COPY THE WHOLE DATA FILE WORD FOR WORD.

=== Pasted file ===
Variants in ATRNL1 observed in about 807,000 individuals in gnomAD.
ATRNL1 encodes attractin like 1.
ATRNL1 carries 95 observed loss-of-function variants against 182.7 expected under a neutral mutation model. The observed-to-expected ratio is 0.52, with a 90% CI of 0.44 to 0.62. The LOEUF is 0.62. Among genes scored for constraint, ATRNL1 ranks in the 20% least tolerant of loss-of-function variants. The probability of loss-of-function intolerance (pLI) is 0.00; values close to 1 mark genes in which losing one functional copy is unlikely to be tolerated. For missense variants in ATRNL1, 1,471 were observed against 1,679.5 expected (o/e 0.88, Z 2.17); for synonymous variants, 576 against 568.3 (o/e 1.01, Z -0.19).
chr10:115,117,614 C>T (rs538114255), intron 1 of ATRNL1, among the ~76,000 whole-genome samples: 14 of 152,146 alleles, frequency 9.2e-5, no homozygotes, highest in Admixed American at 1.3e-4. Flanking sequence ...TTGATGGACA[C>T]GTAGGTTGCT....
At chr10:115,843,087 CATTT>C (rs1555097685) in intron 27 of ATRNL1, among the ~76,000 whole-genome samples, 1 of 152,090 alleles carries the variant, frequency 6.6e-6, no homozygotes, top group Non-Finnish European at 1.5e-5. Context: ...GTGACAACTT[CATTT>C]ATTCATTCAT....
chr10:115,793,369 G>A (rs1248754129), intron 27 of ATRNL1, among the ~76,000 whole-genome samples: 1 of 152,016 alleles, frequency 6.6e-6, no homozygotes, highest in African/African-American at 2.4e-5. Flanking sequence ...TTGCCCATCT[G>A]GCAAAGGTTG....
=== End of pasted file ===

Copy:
Variants in ATRNL1 observed in about 807,000 individuals in gnomAD.
ATRNL1 encodes attractin like 1.
ATRNL1 carries 95 observed loss-of-function variants against 182.7 expected under a neutral mutation model. The observed-to-expected ratio is 0.52, with a 90% CI of 0.44 to 0.62. The LOEUF is 0.62. Among genes scored for constraint, ATRNL1 ranks in the 20% least tolerant of loss-of-function variants. The probability of loss-of-function intolerance (pLI) is 0.00; values close to 1 mark genes in which losing one functional copy is unlikely to be tolerated. For missense variants in ATRNL1, 1,471 were observed against 1,679.5 expected (o/e 0.88, Z 2.17); for synonymous variants, 576 against 568.3 (o/e 1.01, Z -0.19).
chr10:115,117,614 C>T (rs538114255), intron 1 of ATRNL1, among the ~76,000 whole-genome samples: 14 of 152,146 alleles, frequency 9.2e-5, no homozygotes, highest in Admixed American at 1.3e-4. Flanking sequence ...TTGATGGACA[C>T]GTAGGTTGCT....
At chr10:115,843,087 CATTT>C (rs1555097685) in intron 27 of ATRNL1, among the ~76,000 whole-genome samples, 1 of 152,090 alleles carries the variant, frequency 6.6e-6, no homozygotes, top group Non-Finnish European at 1.5e-5. Context: ...GTGACAACTT[CATTT>C]ATTCATTCAT....
chr10:115,793,369 G>A (rs1248754129), intron 27 of ATRNL1, among the ~76,000 whole-genome samples: 1 of 152,016 alleles, frequency 6.6e-6, no homozygotes, highest in African/African-American at 2.4e-5. Flanking sequence ...TTGCCCATCT[G>A]GCAAAGGTTG....